One of the world’s largest automotive companies has made a major commitment to the future of electric cars
Toyota Motor Corp has revealed it anticipating to spend more than $13.5 billion by 2030 on electric car technology.
The car manufacturer stated it will spend the cash on developing batteries and battery-supply plants in a major bid to become a leader in the EV tech over the next 10 years.
Toyota is the world’s largest automaker by volume and has pioneered hybrid gasoline-electric cars with the popular Prius model. Toyota is now moving rapidly to deliver its first all-electric line-up in 2022.
The industry considers the car giant to be a leader in developing batteries – especially for EV’s.
Toyota is promising to slash the costs of batteries by 30% or more, by improving what materials are used
Toyota is also the front runner to mass produce solid-state batteries.
Those battery types are a potential game changer for automakers due to them being more energy dense, while also having the ability to charge faster and are less prone to catching fire.
If developed successfully, they could replace liquid lithium-ion batteries.
RBA maintains 4.35% rates as mortgage applications surge
The Reserve Bank of Australia (RBA) has decided to keep its official cash rate at 4.35%, citing concerns over the rapidly increasing number of mortgage applications.
This decision comes after several consecutive meetings where the RBA has refrained from adjusting interest rates.
The central bank’s decision to hold rates steady reflects their cautious approach to managing the current housing market boom. Mortgage applications have seen a significant surge in recent months, driven by record-low interest rates and increased demand for housing. While this has been a boon for the real estate industry, it has raised concerns about the potential for a housing bubble and financial stability.
Experts are divided on whether the RBA’s decision is the right course of action.
Some argue that maintaining low-interest rates is necessary to support economic recovery, especially in the wake of the COVID-19 pandemic. Others worry that the continued surge in mortgage applications without rate adjustments could lead to unsustainable levels of household debt.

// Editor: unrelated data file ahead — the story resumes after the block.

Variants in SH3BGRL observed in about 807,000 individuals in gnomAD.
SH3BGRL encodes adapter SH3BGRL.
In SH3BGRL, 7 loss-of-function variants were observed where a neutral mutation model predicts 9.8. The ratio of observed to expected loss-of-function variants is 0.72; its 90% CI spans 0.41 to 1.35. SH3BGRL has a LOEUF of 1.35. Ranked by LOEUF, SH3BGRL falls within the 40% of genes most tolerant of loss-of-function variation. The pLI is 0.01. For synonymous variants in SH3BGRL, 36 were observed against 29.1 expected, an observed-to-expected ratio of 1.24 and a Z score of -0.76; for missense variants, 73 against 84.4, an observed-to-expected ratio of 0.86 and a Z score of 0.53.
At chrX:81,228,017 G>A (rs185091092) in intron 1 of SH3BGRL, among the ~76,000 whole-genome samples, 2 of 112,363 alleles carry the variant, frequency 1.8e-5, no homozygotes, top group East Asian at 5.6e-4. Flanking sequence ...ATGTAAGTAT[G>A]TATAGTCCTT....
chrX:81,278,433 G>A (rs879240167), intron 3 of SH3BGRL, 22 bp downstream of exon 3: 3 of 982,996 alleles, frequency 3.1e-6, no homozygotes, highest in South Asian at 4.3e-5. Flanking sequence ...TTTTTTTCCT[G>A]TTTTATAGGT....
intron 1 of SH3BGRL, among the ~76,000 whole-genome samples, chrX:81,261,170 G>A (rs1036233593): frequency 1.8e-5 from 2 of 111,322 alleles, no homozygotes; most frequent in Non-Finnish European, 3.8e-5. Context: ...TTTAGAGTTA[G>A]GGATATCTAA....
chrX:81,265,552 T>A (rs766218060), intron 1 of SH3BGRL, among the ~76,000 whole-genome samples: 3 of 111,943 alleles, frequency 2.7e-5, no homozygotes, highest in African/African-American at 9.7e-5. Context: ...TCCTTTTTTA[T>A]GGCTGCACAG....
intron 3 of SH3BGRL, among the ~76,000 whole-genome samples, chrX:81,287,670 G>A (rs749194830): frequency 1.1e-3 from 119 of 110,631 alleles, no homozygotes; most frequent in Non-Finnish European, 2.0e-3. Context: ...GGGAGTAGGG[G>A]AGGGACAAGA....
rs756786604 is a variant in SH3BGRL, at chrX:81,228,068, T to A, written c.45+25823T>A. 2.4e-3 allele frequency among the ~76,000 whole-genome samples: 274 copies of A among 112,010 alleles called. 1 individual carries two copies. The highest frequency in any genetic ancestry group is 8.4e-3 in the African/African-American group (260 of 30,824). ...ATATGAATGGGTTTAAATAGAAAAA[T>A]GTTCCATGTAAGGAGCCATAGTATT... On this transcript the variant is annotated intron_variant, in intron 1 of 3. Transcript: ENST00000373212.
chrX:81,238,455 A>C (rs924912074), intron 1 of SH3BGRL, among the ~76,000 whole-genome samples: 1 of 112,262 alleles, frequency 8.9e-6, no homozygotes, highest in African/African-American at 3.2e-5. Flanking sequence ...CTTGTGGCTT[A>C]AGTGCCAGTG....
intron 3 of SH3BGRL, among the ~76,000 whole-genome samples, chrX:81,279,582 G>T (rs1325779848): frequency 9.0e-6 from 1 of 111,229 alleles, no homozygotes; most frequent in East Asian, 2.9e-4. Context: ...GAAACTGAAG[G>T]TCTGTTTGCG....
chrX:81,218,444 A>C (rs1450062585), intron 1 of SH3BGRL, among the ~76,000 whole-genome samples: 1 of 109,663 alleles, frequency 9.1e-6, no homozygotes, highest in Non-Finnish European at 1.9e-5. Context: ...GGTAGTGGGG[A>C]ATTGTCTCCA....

In light of this decision, homeowners, prospective buyers, and investors will be closely watching the housing market’s trajectory and wondering how long the RBA can maintain its current stance.
There’s a 50/50 chance of a 2024 recession
The economy has been remarkably resilient despite massive pressures – but is that about to change in 2024?
The US economy is in for a sharp slowdown in 2024 as a closely watched survey of top economists foresees stubbornly high inflation, a rise in unemployment and a 50% chance of recession.
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Tesla insurance sued for ‘inflated’ premiums, judge rules
A judge has ruled that Tesla’s insurance unit must face a lawsuit alleging “inflated” premiums.
The decision comes after policyholders claimed the electric car company’s insurance division overcharged them for coverage.
The lawsuit, which was filed by a group of Tesla policyholders, alleges that the premiums charged by Tesla’s insurance unit were significantly higher than market rates for similar coverage.
The plaintiffs argue that Tesla’s insurance division engaged in unfair pricing practices, leading to overpayment by policyholders.
Tesla has not yet commented on the judge’s decision, but the lawsuit raises questions about the transparency and fairness of the company’s insurance pricing.
It also highlights the growing scrutiny on how tech companies enter and compete in traditional industries like insurance.
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